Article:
The Golden Girls: The Complete Fourth Season. Give this show credit for finding something that worked and then just running with it--because if you liked what came before, don't expect any heart-wrenching changes to upset the boat. Instead, this Touchstone release features all twenty-four episodes, and no real bonus features to speak of, but you do get guest appearances by Bob Hope, Richard Mulligan, and...Julio Iglesias. Yes. (Buy it)

Moonlighting: Season 3. It was the best of times, it was the worst of times. I, like most humans alive at the time, loved this show. Then, like most humans alive at the time, I scratched my head as the thing nosedived out of the freakin' sky with The Episode at the end of this season. But the good news is the rock to suck ratio is definitely in your favor. This Lions Gate release comes with a nice array of features: a producer commentary, a commentary with Mark Harmon, a commentary with fans, and a commentary with Willis and Shepherd together again. It's even on the Shakespeare episode. Nice. Plus more. (Buy it)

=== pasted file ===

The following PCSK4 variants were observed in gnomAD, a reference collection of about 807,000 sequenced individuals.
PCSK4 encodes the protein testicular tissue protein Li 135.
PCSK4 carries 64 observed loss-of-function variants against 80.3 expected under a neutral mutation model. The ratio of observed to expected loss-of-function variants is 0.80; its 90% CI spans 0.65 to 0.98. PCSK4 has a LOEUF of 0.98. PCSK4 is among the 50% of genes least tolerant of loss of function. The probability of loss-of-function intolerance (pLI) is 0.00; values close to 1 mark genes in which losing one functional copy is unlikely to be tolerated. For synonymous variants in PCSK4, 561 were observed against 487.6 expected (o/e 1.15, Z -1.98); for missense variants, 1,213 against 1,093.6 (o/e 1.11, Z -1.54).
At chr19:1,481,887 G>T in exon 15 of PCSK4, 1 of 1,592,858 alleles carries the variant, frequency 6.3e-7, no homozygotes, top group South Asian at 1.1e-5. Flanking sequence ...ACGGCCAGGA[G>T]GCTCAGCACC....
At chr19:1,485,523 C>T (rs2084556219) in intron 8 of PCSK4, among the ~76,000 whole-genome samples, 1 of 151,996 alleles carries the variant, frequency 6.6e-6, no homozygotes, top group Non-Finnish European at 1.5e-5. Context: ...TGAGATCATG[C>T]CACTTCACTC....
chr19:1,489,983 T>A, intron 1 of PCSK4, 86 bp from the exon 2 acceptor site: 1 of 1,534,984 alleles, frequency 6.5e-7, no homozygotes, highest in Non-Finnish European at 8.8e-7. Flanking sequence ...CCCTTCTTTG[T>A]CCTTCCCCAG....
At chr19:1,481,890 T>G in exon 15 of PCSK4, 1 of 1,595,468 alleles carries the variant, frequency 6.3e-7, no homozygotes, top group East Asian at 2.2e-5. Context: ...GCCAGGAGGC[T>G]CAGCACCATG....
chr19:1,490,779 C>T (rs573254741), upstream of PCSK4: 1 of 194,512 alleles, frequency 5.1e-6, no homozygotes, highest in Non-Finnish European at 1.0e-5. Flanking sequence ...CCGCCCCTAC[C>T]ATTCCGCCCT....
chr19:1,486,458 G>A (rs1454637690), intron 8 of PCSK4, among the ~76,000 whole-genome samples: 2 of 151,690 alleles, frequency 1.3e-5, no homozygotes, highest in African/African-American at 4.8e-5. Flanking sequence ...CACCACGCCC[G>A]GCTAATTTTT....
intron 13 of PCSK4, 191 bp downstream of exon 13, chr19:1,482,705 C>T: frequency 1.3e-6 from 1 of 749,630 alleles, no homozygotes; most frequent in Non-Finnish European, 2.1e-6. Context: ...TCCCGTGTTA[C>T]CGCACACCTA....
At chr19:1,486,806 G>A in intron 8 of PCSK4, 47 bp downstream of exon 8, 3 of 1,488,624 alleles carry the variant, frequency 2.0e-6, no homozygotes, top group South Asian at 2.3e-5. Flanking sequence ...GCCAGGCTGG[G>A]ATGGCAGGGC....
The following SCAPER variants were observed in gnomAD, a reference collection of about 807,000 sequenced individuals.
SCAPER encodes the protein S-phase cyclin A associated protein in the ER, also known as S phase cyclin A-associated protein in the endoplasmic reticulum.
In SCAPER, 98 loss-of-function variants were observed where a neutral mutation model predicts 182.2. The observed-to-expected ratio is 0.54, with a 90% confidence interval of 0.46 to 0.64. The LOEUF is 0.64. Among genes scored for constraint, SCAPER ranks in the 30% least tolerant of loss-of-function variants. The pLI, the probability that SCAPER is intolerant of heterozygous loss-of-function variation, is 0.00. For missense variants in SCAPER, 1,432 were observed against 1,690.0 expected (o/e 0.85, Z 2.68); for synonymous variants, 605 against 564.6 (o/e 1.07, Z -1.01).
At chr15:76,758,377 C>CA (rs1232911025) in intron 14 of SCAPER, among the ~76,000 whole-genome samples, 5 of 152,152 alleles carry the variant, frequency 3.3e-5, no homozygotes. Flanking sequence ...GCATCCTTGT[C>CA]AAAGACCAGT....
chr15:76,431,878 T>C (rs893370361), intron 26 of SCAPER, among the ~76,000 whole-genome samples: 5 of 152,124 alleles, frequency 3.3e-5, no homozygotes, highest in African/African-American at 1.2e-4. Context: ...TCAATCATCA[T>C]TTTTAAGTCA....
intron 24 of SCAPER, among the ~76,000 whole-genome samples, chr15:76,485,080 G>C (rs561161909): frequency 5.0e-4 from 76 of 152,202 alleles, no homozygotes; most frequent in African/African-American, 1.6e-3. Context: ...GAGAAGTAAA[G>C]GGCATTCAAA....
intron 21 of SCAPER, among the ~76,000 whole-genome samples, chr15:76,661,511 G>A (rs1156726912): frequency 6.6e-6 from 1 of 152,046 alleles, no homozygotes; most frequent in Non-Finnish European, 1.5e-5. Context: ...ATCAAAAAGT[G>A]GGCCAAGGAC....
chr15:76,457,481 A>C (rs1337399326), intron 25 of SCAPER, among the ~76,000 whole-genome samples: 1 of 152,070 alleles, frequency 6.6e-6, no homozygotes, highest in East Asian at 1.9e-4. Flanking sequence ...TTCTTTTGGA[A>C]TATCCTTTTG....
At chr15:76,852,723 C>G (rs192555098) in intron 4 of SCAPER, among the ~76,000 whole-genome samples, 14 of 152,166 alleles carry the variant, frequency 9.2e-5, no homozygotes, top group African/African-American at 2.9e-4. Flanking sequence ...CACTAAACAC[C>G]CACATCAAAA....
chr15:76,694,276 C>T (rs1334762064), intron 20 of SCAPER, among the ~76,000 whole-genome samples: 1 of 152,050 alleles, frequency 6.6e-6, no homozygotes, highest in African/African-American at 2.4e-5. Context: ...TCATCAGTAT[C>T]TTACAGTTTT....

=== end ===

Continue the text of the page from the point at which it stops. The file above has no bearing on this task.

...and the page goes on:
Voyage to the Bottom of the Sea: Season One, Vol. 1 Okay, it's no secret that I'm a big fan of Irwin Allen. I grew up watching this crazy, low budget stuff that looked ridiculous, but hey, we only had three channels and it was the late 70s and [insert I'm-so-old rant here]. How can this stuff possibly age badly when it was fairly badly aged when it aired? I love it! God bless Fox for throwing this onto DVD, along with the pilot episode, some home movie footage, a promo reel and more. (Buy it)